Jawdance host and Apples and Snakes favourite Yomi ode has been selected as a Jerwood Compton Poetry Fellow alongside Hafsah Aneela Bashir and Anthony Joseph. Each of the recipients receives £15,000 plus a year of critical support and mentoring with no expectation that they produce a particular work or outcome. Yomi sat down with our London Producer and newly appointed Senior Artistic Associate at Bush Theatre Tobi Kyeremateng to enjoy a couple of Old Fashioneds and discuss all things spoken word.

When we talk about artists we often talk about individuals, people toiling in isolation but how much does community matter to you and your practice?

Yomi: It matters. When I premiered COAT at Roundhouse, I was also doing COAT Sessions with emerging artists. They’d perform after COAT for the audience as a kind of, “If you like my work, how about you take in the works of these folks”.

Tobi: That’s where I came across Gboyega [Odubanjo] actually.

I’d never negate a community approach because it’s all I’ve ever known.

Yomi: Sick, that group; Gboyega Odubanjo, Aliyah Hasinah, Shade Joseph, Marvell Fayose, Rue Gumbochuma, Abu Yillah. That opportunity’s important to the group; the Roundhouse came across Shade that night, which led to her doing her scratch there the following year. That’s what happens when you occupy a space and try to build community. If that’s not nurtured or worked on the scene’s going to be docile, insular. It’s not going to open the floodgates to people who have great work to share. What’s your take?

Tobi: I’ve always been a big fan of poetry. I always talk about how grateful I am to be accepted into the poetry community. I feel like I always say that after a Jawdance! I also feel this community houses more intergenerational conversations, which I’m grateful for every time I sit and chat with Roger [Robinson]. There’s no other space in which I have an older person, other than my Dad, that I chat to like this. I don’t know how to work alone. I can’t do it. I physically can’t do it. Community has always been a massive thing to me. I wouldn’t be able to do my job properly if I wasn’t immersed in the community; it wouldn’t make sense for me to want to champion the artform without understanding the reasons behind why people do this work in the first place.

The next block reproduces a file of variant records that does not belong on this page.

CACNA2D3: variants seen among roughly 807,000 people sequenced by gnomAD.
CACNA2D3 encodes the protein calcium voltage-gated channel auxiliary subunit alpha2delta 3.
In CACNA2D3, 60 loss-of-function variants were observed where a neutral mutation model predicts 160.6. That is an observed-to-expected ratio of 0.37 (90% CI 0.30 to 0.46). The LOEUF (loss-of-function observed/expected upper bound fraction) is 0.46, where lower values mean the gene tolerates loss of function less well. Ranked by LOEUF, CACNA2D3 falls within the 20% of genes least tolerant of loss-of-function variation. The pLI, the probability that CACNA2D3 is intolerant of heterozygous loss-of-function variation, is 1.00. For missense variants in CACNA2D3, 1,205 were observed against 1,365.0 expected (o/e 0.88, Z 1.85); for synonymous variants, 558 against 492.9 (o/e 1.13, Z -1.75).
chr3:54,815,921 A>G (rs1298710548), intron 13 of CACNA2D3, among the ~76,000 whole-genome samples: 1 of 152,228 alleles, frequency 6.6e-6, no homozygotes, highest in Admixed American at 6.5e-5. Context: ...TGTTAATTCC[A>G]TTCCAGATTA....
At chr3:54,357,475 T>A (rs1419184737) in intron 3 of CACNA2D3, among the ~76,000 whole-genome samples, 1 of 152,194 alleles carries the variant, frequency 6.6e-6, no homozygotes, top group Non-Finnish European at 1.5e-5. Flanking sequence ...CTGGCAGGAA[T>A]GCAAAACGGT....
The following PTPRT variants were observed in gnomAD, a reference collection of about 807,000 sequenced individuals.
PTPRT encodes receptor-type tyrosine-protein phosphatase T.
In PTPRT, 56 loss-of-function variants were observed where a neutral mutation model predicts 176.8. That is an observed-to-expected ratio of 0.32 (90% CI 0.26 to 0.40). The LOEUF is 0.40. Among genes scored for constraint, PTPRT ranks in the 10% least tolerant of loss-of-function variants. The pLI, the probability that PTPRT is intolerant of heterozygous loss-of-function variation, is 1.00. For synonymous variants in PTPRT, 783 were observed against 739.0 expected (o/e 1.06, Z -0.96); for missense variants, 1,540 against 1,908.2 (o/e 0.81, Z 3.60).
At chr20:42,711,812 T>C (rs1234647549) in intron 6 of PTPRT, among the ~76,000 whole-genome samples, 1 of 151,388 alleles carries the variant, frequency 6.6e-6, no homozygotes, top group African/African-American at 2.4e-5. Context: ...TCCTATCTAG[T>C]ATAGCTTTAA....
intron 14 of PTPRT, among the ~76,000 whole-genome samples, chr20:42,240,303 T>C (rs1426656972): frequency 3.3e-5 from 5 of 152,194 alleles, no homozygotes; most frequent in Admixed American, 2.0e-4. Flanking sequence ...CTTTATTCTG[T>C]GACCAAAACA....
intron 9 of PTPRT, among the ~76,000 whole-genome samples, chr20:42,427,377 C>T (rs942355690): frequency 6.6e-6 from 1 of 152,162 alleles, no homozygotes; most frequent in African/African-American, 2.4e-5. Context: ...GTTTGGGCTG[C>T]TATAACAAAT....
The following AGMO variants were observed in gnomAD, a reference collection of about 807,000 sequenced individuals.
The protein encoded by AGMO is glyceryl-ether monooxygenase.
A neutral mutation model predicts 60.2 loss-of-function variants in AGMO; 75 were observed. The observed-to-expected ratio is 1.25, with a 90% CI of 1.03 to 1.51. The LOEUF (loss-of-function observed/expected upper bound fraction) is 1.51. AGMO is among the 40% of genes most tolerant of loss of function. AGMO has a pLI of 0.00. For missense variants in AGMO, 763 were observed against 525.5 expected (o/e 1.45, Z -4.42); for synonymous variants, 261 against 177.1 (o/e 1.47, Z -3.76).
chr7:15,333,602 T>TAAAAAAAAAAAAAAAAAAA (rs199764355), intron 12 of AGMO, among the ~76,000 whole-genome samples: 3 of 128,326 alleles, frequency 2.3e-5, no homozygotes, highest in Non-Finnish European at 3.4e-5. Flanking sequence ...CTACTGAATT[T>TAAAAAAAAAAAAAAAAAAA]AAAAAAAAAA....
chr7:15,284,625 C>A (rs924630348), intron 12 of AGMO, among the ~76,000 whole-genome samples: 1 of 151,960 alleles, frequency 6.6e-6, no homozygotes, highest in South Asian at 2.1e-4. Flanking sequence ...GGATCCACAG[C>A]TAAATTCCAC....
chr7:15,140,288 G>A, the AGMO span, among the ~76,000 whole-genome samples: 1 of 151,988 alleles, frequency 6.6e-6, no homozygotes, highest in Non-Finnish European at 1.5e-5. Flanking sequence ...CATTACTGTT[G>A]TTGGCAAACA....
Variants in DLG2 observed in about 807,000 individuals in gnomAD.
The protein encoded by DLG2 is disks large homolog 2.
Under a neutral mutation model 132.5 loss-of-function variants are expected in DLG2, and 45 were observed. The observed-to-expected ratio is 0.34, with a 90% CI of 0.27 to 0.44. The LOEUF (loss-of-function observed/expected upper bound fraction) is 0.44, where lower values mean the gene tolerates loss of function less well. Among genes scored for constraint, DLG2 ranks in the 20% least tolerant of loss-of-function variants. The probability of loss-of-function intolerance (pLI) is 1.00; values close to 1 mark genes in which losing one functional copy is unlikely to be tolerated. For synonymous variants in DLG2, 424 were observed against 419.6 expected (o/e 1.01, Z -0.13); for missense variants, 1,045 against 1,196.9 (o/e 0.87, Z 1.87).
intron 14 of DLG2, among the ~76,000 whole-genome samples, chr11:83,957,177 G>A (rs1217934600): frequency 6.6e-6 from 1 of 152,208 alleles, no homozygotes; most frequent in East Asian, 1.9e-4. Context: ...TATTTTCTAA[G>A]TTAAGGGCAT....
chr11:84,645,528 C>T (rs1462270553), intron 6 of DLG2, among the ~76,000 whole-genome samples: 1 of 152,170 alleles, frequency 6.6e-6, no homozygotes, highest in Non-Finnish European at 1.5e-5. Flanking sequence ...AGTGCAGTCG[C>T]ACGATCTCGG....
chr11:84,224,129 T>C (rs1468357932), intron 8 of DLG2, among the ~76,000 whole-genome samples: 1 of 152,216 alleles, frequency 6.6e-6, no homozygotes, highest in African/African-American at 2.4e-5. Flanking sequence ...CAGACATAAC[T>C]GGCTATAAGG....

Yomi: I’d never negate a community approach because it’s all I’ve ever known. There wouldn’t be a BoxedIn without community. I’ve always wanted to be going to gigs, supporting people, pushing them online – I enjoy doing it. It’s nothing forced, I enjoy going to support people.

Tobi: I remember the first open mic I ever produced at Battersea Arts Centre it was such a bad event! Theresa Lola came and it was the first time she’d read her work out in public, I think. And she started this poem and I was like, “Who is this person and why is she at my little open mic on a Monday in South London?!” We met each other again years later, and it came full circle. You see these people you met and started out with years ago doing great things now.

What does winning the Jerwood mean to you? What opportunity does it offer?

Yomi: There’s a blue-sky thinking with this so it’s almost a case of what don’t I ask for? I’m so used to working within frames. Their approach is; tell us what you’re interested in and we can try and support you with it. I’m doing Arvon in August, that’s the first official thing I committed to. That was scary, it’s £750, which is scary – I’ve never spent that amount on any course. Ever.

Tobi: It’s an investment in yourself.

I feel like there’s something – as Black people – which is like an inherited, historical thing. You work as hard as you’ve got to work and there’s all the suffering and the pain but nothing good is meant to come of that. So when it does we’re like, “I don’t know what to do with this now”.

Yomi: Right, but I was nervous in doing so. And I felt like I wasn’t deserving of doing so – a slight imposter syndrome situation. I was just like, “are you sure you’ve got the right person here?” Part of me thinks, don’t think like that, just focus on the work you need to do. But also, there is the imposter syndrome. Maybe I don’t deserve this, maybe there’s someone who deserves it more. My head in the last 3-4 weeks… it’s not where it should be. It’s going to move to a better place. I’m not used to this much attention. COAT was definitely something, but this is a different beast.